In the House, Colorado Democrat Besty Markey is frequently cited as a target while in Arkansas tea partiers in neighboring Texas have signaled their desire to send volunteers to campaign against Democratic Senator Blanche Lincoln, who faces a tough re-election campaign.
They have said they may try to influence Democratic contests by pushing for conservatives within the party to win nominations to run for state or national offices. Activists have said they have their eye on the race in Connecticut to replace retiring Democratic senator Chris Dodd.
“What we are working to do is engage people in the process and we are actively recruiting people that have this limited government view. At the same time we are working on training them up to effect political change,” said Ken Emanuelson, who is on the steering committee of the Dallas Tea Party.
The Dallas group is organizing local activists by their zip or postal codes enabling them to their work such as voter registration drives in their own backyards.
Paul McGovern, 62, a small businessman in Irving, Texas, who is a volunteer with his local Tea Party group, said he saw the benefits of taking things to the next stage by organizing politically in many ways including on-line.
“Obama used the Internet to get elected but now it’s his own worst enemy because we’ll use it,” he said on the sidelines of a tea party leadership conference last weekend in Dallas.
The tea party movement has drawn a mixed bag of what critics might call malcontents, and such a structured approach may grate with libertarians among the faithful.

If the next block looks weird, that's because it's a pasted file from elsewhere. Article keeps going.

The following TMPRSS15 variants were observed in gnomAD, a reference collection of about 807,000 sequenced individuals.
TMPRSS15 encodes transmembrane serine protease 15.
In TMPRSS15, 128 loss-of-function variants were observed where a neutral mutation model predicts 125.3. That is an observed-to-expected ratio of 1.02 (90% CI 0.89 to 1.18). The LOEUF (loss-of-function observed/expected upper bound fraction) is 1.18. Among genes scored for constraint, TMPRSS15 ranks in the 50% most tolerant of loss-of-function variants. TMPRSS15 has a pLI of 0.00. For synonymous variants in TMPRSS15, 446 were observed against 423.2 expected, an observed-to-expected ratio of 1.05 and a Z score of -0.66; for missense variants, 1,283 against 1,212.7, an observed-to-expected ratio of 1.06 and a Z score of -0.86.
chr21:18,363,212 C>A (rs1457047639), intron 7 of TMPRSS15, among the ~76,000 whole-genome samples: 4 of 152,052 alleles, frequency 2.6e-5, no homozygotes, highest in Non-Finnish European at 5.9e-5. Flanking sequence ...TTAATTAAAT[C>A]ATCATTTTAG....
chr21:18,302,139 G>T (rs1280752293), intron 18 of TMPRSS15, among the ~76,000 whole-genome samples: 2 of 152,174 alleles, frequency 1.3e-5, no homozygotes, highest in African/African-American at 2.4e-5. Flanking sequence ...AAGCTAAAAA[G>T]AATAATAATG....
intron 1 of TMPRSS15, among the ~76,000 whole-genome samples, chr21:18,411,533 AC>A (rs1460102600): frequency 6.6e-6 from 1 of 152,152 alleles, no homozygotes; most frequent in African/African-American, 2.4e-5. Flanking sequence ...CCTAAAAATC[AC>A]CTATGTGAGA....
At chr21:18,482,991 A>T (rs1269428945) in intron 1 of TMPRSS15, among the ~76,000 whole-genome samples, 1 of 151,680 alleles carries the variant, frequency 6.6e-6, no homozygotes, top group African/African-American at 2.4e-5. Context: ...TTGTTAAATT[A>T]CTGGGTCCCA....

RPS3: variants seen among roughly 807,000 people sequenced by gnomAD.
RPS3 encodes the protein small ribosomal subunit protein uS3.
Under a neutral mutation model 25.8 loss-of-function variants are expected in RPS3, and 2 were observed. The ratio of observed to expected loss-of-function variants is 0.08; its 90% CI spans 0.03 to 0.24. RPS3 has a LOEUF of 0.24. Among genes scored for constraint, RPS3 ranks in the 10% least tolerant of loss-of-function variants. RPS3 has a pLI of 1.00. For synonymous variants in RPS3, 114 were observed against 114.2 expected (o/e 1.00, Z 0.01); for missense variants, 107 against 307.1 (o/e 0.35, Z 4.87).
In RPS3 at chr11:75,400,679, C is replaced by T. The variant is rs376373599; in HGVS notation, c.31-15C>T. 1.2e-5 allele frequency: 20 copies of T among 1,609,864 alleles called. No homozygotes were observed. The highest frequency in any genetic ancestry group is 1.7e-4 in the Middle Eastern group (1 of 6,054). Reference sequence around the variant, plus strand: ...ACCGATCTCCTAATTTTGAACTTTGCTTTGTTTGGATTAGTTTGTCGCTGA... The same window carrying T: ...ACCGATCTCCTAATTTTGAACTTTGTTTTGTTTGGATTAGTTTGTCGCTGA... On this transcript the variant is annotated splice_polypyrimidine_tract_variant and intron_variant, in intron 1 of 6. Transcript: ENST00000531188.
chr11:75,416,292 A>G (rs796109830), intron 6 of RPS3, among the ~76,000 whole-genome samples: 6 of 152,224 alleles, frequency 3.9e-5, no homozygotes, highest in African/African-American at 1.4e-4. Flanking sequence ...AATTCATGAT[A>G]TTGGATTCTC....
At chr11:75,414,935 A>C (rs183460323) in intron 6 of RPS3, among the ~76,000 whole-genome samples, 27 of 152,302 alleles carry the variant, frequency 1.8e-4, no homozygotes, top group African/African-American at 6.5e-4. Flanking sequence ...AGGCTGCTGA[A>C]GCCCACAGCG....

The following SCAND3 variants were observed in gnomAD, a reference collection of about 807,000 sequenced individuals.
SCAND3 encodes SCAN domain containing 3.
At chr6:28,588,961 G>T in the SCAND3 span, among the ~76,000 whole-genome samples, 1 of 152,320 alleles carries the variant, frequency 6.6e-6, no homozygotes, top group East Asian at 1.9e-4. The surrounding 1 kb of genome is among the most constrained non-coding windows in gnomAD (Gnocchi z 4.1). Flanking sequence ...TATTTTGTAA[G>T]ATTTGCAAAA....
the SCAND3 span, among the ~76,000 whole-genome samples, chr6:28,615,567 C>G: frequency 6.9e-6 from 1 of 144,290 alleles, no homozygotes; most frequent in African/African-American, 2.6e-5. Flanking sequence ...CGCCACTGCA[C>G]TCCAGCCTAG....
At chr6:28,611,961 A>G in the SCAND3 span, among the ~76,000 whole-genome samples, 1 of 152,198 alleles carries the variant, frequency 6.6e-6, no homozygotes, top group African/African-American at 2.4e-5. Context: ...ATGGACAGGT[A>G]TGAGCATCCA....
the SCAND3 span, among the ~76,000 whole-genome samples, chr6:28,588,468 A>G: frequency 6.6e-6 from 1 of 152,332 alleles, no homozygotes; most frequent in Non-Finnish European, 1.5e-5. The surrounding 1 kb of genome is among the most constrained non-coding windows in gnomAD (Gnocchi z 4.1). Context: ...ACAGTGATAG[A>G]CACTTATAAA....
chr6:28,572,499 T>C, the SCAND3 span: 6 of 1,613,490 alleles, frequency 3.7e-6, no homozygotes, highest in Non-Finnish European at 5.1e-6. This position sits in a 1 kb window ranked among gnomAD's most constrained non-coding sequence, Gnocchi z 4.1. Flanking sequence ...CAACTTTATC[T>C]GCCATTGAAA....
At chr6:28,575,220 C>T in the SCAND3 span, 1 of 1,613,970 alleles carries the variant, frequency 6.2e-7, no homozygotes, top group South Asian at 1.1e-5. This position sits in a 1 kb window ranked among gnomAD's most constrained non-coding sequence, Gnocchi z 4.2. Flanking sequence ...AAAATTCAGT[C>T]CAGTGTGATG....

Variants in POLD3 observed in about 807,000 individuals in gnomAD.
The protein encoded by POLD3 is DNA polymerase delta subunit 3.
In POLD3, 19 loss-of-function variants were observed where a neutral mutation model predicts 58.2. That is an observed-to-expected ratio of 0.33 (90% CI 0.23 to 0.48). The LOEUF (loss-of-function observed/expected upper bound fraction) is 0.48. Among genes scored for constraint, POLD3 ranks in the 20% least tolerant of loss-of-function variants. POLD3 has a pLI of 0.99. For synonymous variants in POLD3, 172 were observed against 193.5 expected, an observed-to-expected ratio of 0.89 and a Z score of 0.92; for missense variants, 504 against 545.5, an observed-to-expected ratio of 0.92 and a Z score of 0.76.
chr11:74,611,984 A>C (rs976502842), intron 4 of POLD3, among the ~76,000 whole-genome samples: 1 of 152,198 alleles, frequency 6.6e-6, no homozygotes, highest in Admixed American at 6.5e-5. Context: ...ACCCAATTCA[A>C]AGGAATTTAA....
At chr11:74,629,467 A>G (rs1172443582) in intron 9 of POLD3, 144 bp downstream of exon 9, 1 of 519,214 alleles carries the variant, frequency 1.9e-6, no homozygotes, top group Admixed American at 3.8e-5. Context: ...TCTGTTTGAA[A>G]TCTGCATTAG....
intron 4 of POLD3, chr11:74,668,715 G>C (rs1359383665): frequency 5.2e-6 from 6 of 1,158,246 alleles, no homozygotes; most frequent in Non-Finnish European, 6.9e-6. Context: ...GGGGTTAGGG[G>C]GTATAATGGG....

“It is inherently difficult to organize libertarians, which most of the Tea Partiers are,” said Cal Jillson, a political scientist at Southern Methodist University in Dallas.
WASHINGTON — Such is the zeal in portions of the tea party right that it is not enough to sweep out living members of the establishment such as John McCain. A brisk, ideological scrubbing must be applied to history as well.
So Glenn Beck, speaking recently at the Conservative Political Action Conference identified a great enemy of human freedom as … Teddy Roosevelt. Beck highlighted this damning Roosevelt quote: “We grudge no man a fortune in civil life if it is honorably obtained and well used.”
Ah, you don’t discern the scandal in this statement? Look closer. “This is not our founders’ idea of America,” explains Beck. “And this is the cancer that’s eating at America. It is big government — it’s a socialist utopia.” Evidently, real conservatives defend wealth that is dishonorably gained and then wasted.
The problem with America, apparently, is not just the Great Society or even the New Deal; it is the Square Deal. Or maybe Beck is just being too timid. Real, hairy-chested libertarians pin the blame on Abraham Lincoln, who centralized federal power at the expense of the states to pursue an unnecessary war — a view that Ron Paul, the winner of the CPAC straw poll, has endorsed.
Lincoln doesn’t need defenders against accusations of tyranny — the mere charge is enough to diagnose some sad ideological disorder. But the Rough Rider also does not deserve such roughing up.
TR picked a number of fights with conservative Republicans, fight-picking being his favorite sport. But Roosevelt hated socialism. “It would spell sheer destruction,” he said. “It would produce grosser wrong and outrage, fouler immorality, than any existing system.” Modern corporate capitalism, he believed, was inevitable, even admirable. But he also believed that overly centralized and unaccountable power in a capitalist system creates destructive clashes of labor and capital, rich and poor. So he busted monopolistic trusts, imposed health standards on filthy meat-packing plants and promoted a more professional, merit-based civil service.